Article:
“Black Panther” wouldn’t be as beautiful and powerful for viewers without the Black women who helped create the images.
Marvel’s “Black Panther” directed by Ryan Coogler has officially sold more presale tickets than any superhero movie in history. The public’s attraction to this film is deeper than wanting to be entertained, it’s about representation. People are hungry for a superhero with a different kind of message. “This isn’t just about any super hero, it’s a lot more,” says Ruth Carter, the lead costume designer for this highly anticipated film.
Carter is a critically acclaimed Hollywood designer who has been working in the industry since 1986. She is the first black person to be nominated for an Oscar in costume design and her work includes films such as: “Malcolm X”, “Do the Right Thing”, “Hollywood Shuffle”, “Love and Basketball”, and “Selma”. Despite her ability to push past several barriers, Carter speaks candidly about the ways Hollywood hiring practices are still rooted in ethnic exclusion: “There is a Hollywood machine and there is a certain group of people who knows how it functions. There is a certain similarity to every picture and companies tend to bring those people back and they become part of the studio family. They are selected back because their fathers were in the industry or other relatives or friends. That’s why we don’t get the opportunity because they’re not used to a new spice that’s in the soup, or a new flavor.”
Ruth Carter has taken her isolating experience of being othered in her field and has used it to create more inclusive hiring practices. Whenever she is presented with the opportunity to select designers for her team, she makes sure to diversify. “It’s hard to be the only African American on the set. I always make sure my crew is very diverse but we all battle with ‘If we’re too black, we won’t be asked back.’”
Ruth has seen the politics of black entertainment undergo several phases and refers back to “Hollywood Shuffle”, a Robert Townsend film released in 1987 that critiqued the way black entertainers were typecast and stereotyped in order to work in Hollywood. “The whole basis of ‘Hollywood Shuffle’ was assimilation is the name of the game but we’re not doing ‘Hollywood Shuffle’ anymore. Fear leads to assimilation; bravery is what gets us ahead.” Carter’s commitment to hiring a diverse design team is what led Douriean Fletcher to receive her big break as the Specialty Jeweler in “Black Panther”.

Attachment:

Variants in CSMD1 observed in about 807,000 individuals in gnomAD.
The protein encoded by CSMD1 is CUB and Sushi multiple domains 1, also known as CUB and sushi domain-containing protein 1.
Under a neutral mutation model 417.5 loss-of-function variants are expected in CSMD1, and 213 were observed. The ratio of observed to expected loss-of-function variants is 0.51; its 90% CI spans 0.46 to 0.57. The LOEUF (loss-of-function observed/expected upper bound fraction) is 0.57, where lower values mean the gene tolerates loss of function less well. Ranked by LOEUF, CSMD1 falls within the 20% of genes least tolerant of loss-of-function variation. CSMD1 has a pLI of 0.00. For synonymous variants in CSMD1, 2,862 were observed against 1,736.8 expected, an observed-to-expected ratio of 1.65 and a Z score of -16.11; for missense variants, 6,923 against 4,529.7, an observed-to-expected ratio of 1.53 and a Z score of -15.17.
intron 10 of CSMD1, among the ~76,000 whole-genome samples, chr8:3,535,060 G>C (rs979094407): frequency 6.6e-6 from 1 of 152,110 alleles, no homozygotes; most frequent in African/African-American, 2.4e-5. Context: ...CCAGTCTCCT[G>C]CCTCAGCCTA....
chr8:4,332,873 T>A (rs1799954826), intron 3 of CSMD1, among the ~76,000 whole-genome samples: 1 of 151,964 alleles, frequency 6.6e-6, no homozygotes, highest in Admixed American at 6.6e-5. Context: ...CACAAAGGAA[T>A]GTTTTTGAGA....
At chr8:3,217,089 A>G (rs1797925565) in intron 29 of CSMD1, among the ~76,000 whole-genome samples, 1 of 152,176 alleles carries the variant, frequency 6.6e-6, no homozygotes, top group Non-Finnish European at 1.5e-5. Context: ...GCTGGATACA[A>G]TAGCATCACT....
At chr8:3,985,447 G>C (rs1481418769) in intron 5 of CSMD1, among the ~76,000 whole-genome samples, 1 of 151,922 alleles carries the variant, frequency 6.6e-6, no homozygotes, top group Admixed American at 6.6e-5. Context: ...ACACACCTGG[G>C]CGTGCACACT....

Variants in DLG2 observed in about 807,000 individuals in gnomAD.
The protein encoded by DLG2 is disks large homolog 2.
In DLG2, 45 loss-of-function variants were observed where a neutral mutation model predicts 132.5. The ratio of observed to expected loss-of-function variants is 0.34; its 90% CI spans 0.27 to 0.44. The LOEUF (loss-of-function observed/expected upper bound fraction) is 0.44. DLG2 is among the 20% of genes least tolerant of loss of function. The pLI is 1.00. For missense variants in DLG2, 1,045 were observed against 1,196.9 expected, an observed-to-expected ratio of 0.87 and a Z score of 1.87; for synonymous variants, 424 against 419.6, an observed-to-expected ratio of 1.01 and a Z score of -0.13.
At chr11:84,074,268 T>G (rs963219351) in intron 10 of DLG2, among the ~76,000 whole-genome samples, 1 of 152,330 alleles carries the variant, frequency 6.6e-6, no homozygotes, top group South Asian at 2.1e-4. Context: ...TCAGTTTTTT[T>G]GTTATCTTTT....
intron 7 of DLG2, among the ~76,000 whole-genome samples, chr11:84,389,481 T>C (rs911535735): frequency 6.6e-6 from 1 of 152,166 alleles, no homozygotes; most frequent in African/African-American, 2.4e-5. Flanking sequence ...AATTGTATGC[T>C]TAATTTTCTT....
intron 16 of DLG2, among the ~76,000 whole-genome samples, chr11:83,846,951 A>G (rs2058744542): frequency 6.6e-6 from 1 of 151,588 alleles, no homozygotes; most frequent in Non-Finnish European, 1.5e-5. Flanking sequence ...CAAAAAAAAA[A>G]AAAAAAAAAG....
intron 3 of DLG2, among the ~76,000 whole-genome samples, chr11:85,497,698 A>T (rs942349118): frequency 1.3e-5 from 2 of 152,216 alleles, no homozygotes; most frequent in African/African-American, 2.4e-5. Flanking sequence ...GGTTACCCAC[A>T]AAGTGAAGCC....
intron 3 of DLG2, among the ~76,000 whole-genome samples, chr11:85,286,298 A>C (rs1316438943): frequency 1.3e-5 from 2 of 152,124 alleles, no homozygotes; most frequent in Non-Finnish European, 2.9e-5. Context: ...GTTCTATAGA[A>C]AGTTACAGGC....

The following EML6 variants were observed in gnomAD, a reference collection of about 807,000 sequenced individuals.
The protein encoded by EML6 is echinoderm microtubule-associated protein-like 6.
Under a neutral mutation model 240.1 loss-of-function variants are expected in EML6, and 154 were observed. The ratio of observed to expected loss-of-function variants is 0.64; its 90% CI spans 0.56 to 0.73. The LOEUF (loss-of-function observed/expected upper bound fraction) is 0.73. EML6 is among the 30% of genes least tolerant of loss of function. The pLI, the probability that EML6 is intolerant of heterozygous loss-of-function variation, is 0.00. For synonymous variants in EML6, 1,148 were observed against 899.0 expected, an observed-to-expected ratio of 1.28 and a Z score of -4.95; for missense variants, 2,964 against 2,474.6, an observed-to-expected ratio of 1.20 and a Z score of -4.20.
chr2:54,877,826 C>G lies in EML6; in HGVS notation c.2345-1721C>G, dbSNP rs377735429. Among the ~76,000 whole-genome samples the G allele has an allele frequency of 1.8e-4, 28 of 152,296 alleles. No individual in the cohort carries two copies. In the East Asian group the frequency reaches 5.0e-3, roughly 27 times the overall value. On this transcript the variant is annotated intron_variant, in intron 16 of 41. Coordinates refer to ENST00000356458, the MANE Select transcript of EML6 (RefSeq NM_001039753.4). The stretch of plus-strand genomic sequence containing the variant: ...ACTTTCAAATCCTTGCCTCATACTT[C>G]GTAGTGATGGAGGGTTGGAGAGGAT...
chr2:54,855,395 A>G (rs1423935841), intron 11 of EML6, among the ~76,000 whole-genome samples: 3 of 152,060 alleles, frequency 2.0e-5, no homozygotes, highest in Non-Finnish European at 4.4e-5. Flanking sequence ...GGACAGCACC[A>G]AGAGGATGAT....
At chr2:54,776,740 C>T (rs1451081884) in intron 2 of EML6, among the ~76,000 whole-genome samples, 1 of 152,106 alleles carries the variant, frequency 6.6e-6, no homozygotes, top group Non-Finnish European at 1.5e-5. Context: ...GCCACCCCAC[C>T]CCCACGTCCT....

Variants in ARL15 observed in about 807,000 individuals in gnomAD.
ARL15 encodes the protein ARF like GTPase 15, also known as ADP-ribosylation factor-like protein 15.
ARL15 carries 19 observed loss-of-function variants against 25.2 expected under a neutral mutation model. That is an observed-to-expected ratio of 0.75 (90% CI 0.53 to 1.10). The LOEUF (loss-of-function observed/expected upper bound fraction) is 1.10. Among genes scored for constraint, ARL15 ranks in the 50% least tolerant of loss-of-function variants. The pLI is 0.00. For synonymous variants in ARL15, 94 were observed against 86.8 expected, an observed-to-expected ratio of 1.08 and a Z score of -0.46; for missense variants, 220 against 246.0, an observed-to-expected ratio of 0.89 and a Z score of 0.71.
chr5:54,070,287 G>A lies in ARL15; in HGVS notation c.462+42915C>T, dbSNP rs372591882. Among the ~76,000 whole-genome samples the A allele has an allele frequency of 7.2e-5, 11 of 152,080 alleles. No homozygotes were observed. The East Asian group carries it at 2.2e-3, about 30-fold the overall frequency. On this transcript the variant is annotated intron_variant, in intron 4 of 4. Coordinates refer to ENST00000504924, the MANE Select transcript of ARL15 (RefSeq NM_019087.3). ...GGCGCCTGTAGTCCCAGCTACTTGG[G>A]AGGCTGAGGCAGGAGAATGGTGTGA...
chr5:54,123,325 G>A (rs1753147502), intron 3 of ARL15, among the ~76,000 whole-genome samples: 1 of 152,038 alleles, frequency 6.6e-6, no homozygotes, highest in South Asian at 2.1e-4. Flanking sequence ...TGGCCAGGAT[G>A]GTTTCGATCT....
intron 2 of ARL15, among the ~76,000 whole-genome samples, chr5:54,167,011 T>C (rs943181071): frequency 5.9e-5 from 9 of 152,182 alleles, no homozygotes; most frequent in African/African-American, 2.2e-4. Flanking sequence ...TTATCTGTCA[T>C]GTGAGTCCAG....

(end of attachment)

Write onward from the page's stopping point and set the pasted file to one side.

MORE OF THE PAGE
Douriean is a self-taught artist, and her career emerged from an undying need to create. Despite her intrinsic passion, Fletcher spent several years finding a home for her brand of jewelry. Much of the work Douriean created for “Black Panther” originated from recurring visions at the start of her career. For example, she knew she was meant to design jewelry for Angela Bassett long before she was assigned to the movie: “In 2015, I posted a Facebook status saying, ‘Next time (Angela Bassett) will be wearing my earrings,’ and two years later I was. It was mind-blowing! She exudes such a powerful feminine energy. Creating this piece with her was such a fun process.”
Douriean refused to compromise, and her vision was exactly what was needed for this film.. “The pieces that I made in ‘Black Panther’ were primarily for the royal family, which is interesting because when I first started my career I wrote in my journal, I feel like in a past life I made jewelry for royalty. All of the pieces that I had to create was for a narrative that emitted royalty.”
It’s important to note that Douriean’s talent could not have been harnessed if she had not been offered the opportunity to show up and share her gifts for “Black Panther”. It leads to asking the question: How can institutions within Hollywood create systems derived from a spirit of inclusion as opposed to exclusion? Exclusion narrows creative potential and produces content that is conventional and uninspired. Inclusion requires a great deal of risk, but it’s obviously what the masses are hungry for.
Regarding the meaning behind “Black Panther”, Douriean states, “It’s good to see representation of a black superhero who is educated, and has never experienced colonization. He comes from a sovereign nation and his whole country is self-made. I think it’s powerful for people to see that imagery right now. I used to teach so I often think about children and for children to see those optics right now in a time where black kids are literally scared of the police… it’s going to bring them some power and hope. It’s a reflection of them; it’s who they are.”
For more information about Douriean’s work and to purchase from her exclusive Black Panther jewelry line., check out her website. For more information on Ruth Carter’s legacy and work, please visit www.ruthecarter.com.